What is Otitis Externa?
Causes of Otitis ExternaOtitis externa can have various possible causes. It can be misleading to refer to it solely as swimmer’s ear infection, as it isn’t always caused by infection. Here are some of the common causes of otitis externa:
- The condition is often caused by infection with the Pseudomonas aeruginosa or Staphylococcus aureus bacteria.
- At times seborrhoeic dermatitis, which commonly affects the scalp and areas of skin that are oily, can also cause irritation and inflammation in the ear canal.
- Otitis externa could at times actually be caused by otitis media or a middle ear inflammation. If an infection of the middle ear is present the discharge from within may affect the external ear canal.
- Fungal infections are another very common cause for infections in the outer ear, which may be caused by fungi from the Candida albicans or Aspergillus groups.
- The condition may occur as an allergic response or simply due to irritation from contact with ear plugs of a particular material, a new shampoo or even sweat. At times, ear drops being used to remove wax could also be responsible for the irritation.
- Incomplete or improper treatment for otitis externa can result in frequent recurrences.
Symptoms of Otitis ExternaOtitis externa usually begins with mild symptoms that progressively worsen if not treated. Early symptoms of otitis externa include:
- Itchiness in the ear canal
- Visible redness in the ear
- Discomfort when you touch or apply any pressure on the ear
- Odorless and clear discharge from the ear, which may sometimes be foul-smelling and consist of pus
If treatment is delayed or not followed appropriately, the condition can become severe and you may notice symptoms that include:
- Severe pain that radiates to the face and neck
- Visible swelling and inflammation of the outer ear
- Swelling of the lymph nodes
Diagnosis of Otitis ExternaThe primary method of diagnosis of otitis externa is through a physical examination. This can cause some discomfort as almost any movement of or contact with the outer ear would cause some pain. This is an important part of the physical examination however, as it will enable your physician to arrive at a diagnosis. An otoscope will be used to examine the eardrum, but this may not be possible because of swelling of the ear canal and because of the presence of discharge and debris.
Culture of the discharge may be sent to a lab for analysis. This could help identify the fungus or one of the bacteria that is responsible.
Treatment for Otitis ExternaOtitis externa may resolve without treatment at times, but it could take weeks and there is a risk that it may instead worsen. Treatment for otitis externa is usually quite effective and if followed properly the condition should resolve within just a few days.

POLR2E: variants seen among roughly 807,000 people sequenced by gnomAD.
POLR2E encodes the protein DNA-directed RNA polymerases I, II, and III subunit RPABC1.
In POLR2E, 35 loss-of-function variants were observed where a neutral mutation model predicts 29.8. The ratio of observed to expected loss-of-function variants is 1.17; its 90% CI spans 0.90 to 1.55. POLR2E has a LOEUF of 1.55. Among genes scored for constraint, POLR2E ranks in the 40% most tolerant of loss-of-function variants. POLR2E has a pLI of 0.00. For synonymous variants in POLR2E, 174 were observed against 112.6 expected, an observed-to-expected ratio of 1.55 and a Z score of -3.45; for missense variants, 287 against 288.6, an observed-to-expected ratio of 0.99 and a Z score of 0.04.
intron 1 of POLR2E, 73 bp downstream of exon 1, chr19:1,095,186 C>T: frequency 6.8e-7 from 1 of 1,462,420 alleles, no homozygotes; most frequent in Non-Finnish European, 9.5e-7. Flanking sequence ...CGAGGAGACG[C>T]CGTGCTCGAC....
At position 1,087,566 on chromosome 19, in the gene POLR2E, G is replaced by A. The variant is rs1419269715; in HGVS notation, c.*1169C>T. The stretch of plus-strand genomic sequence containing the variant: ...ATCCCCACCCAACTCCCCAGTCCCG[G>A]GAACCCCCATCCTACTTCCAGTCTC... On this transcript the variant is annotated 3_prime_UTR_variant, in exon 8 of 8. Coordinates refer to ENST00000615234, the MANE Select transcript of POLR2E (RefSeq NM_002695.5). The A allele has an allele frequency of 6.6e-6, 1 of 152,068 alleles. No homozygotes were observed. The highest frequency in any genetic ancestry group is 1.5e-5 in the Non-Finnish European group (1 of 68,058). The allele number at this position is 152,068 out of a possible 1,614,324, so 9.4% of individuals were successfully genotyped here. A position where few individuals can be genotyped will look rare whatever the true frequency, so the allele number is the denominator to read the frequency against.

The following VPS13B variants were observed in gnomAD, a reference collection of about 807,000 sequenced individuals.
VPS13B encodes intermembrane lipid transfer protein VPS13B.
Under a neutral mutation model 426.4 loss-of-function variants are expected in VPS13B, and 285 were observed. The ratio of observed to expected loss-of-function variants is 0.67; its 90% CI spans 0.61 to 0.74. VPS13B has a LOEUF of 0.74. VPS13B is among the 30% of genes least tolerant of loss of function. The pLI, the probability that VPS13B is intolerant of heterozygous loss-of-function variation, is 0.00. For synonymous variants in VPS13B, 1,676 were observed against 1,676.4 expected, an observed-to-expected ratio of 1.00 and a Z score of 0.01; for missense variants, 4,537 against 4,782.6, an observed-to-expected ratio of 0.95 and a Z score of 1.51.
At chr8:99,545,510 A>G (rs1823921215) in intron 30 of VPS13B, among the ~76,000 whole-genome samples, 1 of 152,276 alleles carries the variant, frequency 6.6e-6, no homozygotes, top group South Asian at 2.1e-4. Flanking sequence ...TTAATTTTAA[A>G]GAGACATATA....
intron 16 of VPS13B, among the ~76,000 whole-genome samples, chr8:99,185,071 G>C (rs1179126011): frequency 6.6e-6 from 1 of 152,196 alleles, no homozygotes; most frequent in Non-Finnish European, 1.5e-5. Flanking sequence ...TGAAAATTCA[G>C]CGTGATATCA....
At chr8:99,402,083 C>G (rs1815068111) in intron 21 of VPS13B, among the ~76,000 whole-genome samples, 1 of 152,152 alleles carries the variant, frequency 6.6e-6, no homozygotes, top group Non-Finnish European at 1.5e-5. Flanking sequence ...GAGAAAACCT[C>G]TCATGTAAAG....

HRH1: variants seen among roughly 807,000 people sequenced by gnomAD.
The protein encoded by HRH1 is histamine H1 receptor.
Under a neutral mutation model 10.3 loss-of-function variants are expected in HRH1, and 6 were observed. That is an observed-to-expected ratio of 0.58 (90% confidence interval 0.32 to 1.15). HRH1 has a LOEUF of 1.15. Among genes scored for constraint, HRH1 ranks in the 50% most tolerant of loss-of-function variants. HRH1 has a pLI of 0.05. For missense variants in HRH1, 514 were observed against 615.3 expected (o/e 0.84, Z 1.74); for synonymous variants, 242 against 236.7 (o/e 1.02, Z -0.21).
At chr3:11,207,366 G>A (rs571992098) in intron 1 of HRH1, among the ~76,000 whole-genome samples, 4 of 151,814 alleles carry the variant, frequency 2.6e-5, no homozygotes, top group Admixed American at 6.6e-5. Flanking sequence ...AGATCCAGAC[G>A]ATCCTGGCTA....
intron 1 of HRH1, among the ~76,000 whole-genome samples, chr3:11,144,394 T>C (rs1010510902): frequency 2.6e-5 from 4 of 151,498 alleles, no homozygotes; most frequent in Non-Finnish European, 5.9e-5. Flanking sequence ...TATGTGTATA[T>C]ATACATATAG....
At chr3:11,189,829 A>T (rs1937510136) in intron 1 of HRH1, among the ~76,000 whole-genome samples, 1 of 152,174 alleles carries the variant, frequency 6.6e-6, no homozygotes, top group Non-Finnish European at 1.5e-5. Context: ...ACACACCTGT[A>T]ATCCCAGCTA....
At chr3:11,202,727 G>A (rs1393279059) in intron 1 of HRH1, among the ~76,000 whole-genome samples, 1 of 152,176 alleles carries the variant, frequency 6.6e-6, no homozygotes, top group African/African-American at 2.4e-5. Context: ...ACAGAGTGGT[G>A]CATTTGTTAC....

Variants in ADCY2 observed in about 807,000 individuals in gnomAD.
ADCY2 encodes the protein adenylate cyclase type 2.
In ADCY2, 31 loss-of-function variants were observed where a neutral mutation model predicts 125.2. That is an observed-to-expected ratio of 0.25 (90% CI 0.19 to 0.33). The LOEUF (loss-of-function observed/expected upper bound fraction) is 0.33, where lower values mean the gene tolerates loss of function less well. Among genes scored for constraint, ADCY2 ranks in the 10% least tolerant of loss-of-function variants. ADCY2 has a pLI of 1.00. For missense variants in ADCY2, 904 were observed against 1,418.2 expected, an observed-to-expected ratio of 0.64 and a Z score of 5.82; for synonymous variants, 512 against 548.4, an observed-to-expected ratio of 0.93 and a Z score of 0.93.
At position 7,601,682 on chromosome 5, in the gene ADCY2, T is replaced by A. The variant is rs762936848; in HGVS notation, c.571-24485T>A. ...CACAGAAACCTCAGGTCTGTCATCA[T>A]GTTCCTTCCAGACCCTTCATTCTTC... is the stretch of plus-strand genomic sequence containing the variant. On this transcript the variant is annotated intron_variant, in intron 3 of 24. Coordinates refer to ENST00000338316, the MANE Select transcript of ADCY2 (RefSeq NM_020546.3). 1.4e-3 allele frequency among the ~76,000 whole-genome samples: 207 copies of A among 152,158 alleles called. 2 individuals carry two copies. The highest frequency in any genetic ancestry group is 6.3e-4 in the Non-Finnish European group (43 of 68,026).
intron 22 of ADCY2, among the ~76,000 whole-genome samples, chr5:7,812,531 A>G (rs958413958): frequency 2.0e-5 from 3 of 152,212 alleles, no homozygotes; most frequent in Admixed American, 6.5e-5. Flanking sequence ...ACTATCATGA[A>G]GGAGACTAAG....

- Antibiotic for Otitis Externa – The most commonly used and most effective method of treatment is with antibiotic eardrops. There are several brands of eardrops and if the condition does not respond as desired, your doctor will change the prescription or try different combinations. Combination treatments of antibiotics with steroidal sprays have also been found to be effective when treating acute otitis externa.
- Painkillers for Otitis Externa – If the ear pain is severe and is a constant source of discomfort your doctor will also prescribe painkillers.
- If there is severe inflammation and blockage, your doctor may have to drain and clean the ear of any debris or discharge. In some cases a method involving gentle suctioning or syringing may be used to get rid of the discharge.
- If the infection is severe and swelling and inflammation have even affected the skin of the ear, it may be difficult to administer ear drops as they may not reach the end of the ear canal. In such cases, oral antibiotics may also be prescribed.
Complications of Otitis ExternaThere is little risk of complications developing from otitis externa but in rare cases the condition may cause the formation of abscesses in and around the ear. Your doctor may need to drain these pus-filled pockets. Chronic otitis externa could cause a narrowing of the ear canal because of the buildup of thick and dry skin over a period of time. If neglected, it interferes with hearing and could even cause deafness. If treated early, the problem can be resolved easily.
In some cases, the infection could spread to the eardrum. The eardrum may rupture because of the excessive pressure on it, resulting in hearing loss, discharge, pain and tinnitus. Cellulitis, which is a bacterial skin infection, may also develop because of otitis externa. The skin becomes tender, red and painful, but it is something that can be effectively treated with antibiotics.